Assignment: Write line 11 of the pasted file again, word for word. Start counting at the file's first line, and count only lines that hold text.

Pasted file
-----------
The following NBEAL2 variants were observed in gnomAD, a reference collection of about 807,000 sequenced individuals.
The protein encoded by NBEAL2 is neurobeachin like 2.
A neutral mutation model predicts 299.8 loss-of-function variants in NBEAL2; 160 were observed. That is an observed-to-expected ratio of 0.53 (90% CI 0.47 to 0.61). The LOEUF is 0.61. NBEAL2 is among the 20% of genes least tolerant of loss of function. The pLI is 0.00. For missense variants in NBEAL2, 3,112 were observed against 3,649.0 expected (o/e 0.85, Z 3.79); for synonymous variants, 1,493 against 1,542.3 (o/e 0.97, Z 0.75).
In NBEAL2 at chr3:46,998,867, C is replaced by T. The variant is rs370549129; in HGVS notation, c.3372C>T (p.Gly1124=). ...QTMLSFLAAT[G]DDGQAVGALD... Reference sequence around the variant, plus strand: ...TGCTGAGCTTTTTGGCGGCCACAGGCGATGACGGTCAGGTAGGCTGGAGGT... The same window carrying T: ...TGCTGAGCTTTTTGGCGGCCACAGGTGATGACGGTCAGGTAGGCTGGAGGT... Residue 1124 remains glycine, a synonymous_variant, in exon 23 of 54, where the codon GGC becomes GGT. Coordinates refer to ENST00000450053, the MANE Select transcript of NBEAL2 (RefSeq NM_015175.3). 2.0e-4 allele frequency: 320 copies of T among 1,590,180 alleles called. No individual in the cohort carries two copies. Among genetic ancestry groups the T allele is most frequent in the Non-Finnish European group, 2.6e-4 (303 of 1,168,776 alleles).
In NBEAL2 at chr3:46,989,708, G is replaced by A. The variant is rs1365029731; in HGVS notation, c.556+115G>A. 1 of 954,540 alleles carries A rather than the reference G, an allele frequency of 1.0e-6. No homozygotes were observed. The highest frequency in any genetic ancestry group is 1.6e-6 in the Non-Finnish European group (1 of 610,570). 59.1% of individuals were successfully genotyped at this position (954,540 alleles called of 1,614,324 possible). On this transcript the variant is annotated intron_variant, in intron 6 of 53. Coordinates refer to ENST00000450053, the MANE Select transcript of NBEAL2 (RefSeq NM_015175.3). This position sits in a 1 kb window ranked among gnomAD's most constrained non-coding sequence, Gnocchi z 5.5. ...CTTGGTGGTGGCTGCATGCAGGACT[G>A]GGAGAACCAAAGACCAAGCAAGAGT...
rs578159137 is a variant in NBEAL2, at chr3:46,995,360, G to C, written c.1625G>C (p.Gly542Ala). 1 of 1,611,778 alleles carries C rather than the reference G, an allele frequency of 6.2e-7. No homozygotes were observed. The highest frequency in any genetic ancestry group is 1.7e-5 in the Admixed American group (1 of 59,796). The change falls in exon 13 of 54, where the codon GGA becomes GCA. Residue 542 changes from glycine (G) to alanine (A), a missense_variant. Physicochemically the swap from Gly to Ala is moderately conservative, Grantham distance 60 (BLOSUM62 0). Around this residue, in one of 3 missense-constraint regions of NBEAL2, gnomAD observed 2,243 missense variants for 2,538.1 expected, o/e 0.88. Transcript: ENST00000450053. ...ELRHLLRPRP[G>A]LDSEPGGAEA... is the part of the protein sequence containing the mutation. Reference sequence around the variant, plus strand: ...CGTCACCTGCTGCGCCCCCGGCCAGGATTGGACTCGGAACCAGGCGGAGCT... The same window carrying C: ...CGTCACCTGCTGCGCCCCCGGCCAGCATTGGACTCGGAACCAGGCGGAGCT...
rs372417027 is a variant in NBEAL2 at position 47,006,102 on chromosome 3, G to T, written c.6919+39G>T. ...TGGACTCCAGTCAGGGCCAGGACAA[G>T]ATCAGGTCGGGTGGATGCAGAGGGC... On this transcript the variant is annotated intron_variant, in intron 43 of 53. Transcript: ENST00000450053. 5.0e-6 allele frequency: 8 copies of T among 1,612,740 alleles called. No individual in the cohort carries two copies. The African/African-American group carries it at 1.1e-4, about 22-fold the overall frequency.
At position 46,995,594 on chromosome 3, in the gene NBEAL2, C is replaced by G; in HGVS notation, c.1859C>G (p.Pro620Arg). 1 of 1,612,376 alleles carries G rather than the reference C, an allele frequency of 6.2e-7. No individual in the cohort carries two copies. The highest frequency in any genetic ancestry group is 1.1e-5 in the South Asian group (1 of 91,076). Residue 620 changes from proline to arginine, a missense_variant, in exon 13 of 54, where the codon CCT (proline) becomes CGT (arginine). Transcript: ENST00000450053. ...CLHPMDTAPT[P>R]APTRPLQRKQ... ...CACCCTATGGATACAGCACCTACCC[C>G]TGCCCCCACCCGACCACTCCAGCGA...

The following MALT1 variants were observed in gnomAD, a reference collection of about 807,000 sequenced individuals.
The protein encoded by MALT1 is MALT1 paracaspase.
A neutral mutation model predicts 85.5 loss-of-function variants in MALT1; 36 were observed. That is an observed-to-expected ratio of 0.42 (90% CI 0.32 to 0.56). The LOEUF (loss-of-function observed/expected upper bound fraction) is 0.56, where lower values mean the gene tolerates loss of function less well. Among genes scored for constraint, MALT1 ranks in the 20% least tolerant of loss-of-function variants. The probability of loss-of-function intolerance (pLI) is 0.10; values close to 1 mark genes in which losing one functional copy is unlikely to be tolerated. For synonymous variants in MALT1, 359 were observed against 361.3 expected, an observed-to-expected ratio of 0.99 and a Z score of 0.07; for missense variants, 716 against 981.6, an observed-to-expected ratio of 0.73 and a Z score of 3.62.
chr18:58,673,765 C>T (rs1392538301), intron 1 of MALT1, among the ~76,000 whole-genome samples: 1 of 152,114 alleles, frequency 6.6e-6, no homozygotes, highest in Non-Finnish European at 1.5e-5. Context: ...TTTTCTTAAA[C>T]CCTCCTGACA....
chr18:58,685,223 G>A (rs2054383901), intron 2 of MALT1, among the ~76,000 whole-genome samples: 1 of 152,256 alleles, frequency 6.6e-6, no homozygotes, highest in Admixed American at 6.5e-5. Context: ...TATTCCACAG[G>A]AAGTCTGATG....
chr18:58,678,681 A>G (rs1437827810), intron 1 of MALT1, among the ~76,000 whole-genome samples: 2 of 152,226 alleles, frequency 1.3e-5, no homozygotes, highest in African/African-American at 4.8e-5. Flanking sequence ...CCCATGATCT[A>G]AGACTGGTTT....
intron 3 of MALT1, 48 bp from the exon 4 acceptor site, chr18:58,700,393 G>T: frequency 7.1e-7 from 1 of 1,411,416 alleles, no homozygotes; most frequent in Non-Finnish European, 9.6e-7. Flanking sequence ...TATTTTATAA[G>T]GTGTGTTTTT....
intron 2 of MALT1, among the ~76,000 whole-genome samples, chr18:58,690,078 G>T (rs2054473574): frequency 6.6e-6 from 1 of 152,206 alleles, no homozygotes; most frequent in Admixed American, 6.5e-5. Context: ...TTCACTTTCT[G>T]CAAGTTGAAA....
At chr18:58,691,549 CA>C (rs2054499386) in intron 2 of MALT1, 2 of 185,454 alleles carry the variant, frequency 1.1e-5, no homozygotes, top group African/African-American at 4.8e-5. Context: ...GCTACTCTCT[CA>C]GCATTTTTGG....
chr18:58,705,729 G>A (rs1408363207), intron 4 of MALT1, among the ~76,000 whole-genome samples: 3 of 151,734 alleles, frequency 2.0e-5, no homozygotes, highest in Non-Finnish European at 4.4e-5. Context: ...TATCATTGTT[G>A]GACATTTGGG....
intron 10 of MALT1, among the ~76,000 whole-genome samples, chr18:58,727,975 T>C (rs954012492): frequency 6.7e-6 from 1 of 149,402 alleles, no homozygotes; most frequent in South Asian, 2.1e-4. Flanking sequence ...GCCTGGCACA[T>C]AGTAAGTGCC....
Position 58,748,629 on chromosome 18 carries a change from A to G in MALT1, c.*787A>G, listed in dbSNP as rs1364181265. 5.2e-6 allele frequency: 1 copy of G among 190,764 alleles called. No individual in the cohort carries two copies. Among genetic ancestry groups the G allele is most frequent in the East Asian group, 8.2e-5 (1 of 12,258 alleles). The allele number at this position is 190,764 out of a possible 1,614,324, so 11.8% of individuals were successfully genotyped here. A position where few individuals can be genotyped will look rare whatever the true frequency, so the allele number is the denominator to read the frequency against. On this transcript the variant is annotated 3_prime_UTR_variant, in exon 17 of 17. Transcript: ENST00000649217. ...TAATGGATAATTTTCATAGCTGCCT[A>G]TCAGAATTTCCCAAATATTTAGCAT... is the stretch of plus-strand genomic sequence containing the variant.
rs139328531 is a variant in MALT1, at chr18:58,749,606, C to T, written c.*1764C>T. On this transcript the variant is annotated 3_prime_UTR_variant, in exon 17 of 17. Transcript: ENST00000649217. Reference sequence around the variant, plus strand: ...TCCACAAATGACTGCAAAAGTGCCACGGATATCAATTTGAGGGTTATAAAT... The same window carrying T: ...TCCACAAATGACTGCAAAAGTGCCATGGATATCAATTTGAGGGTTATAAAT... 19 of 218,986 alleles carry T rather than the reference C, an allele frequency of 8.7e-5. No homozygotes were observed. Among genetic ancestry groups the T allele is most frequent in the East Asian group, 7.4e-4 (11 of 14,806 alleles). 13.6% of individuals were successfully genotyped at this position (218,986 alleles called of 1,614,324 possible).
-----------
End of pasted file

A neutral mutation model predicts 85.5 loss-of-function variants in MALT1; 36 were observed. That is an observed-to-expected ratio of 0.42 (90% CI 0.32 to 0.56). The LOEUF (loss-of-function observed/expected upper bound fraction) is 0.56, where lower values mean the gene tolerates loss of function less well. Among genes scored for constraint, MALT1 ranks in the 20% least tolerant of loss-of-function variants. The probability of loss-of-function intolerance (pLI) is 0.10; values close to 1 mark genes in which losing one functional copy is unlikely to be tolerated. For synonymous variants in MALT1, 359 were observed against 361.3 expected, an observed-to-expected ratio of 0.99 and a Z score of 0.07; for missense variants, 716 against 981.6, an observed-to-expected ratio of 0.73 and a Z score of 3.62.